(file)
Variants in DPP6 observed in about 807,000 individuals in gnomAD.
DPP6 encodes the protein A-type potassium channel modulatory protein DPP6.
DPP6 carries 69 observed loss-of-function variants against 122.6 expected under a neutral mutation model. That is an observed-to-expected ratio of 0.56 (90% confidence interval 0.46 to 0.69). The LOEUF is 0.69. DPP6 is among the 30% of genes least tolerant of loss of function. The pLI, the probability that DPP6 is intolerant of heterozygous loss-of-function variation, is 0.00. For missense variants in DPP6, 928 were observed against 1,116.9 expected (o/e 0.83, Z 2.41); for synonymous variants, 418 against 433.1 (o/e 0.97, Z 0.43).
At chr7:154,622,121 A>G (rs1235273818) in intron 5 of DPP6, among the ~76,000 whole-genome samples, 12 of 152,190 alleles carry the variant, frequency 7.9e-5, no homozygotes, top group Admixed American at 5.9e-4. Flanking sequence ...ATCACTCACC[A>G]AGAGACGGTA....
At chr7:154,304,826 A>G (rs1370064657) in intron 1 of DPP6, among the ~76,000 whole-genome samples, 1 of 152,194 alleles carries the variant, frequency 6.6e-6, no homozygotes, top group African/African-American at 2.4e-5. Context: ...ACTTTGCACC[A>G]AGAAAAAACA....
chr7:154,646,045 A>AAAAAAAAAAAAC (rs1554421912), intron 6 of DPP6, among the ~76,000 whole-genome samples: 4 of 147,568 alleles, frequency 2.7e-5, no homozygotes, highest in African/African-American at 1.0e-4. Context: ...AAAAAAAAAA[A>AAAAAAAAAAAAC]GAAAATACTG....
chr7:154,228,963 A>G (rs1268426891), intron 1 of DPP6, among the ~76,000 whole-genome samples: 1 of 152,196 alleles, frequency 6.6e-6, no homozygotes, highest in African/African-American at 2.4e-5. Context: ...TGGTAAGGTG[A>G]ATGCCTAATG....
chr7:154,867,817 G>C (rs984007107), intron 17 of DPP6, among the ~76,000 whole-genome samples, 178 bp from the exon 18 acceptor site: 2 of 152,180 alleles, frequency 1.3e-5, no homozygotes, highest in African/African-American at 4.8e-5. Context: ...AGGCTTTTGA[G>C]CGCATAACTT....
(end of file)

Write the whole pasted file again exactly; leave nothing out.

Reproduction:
Variants in DPP6 observed in about 807,000 individuals in gnomAD.
DPP6 encodes the protein A-type potassium channel modulatory protein DPP6.
DPP6 carries 69 observed loss-of-function variants against 122.6 expected under a neutral mutation model. That is an observed-to-expected ratio of 0.56 (90% confidence interval 0.46 to 0.69). The LOEUF is 0.69. DPP6 is among the 30% of genes least tolerant of loss of function. The pLI, the probability that DPP6 is intolerant of heterozygous loss-of-function variation, is 0.00. For missense variants in DPP6, 928 were observed against 1,116.9 expected (o/e 0.83, Z 2.41); for synonymous variants, 418 against 433.1 (o/e 0.97, Z 0.43).
At chr7:154,622,121 A>G (rs1235273818) in intron 5 of DPP6, among the ~76,000 whole-genome samples, 12 of 152,190 alleles carry the variant, frequency 7.9e-5, no homozygotes, top group Admixed American at 5.9e-4. Flanking sequence ...ATCACTCACC[A>G]AGAGACGGTA....
At chr7:154,304,826 A>G (rs1370064657) in intron 1 of DPP6, among the ~76,000 whole-genome samples, 1 of 152,194 alleles carries the variant, frequency 6.6e-6, no homozygotes, top group African/African-American at 2.4e-5. Context: ...ACTTTGCACC[A>G]AGAAAAAACA....
chr7:154,646,045 A>AAAAAAAAAAAAC (rs1554421912), intron 6 of DPP6, among the ~76,000 whole-genome samples: 4 of 147,568 alleles, frequency 2.7e-5, no homozygotes, highest in African/African-American at 1.0e-4. Context: ...AAAAAAAAAA[A>AAAAAAAAAAAAC]GAAAATACTG....
chr7:154,228,963 A>G (rs1268426891), intron 1 of DPP6, among the ~76,000 whole-genome samples: 1 of 152,196 alleles, frequency 6.6e-6, no homozygotes, highest in African/African-American at 2.4e-5. Context: ...TGGTAAGGTG[A>G]ATGCCTAATG....
chr7:154,867,817 G>C (rs984007107), intron 17 of DPP6, among the ~76,000 whole-genome samples, 178 bp from the exon 18 acceptor site: 2 of 152,180 alleles, frequency 1.3e-5, no homozygotes, highest in African/African-American at 4.8e-5. Context: ...AGGCTTTTGA[G>C]CGCATAACTT....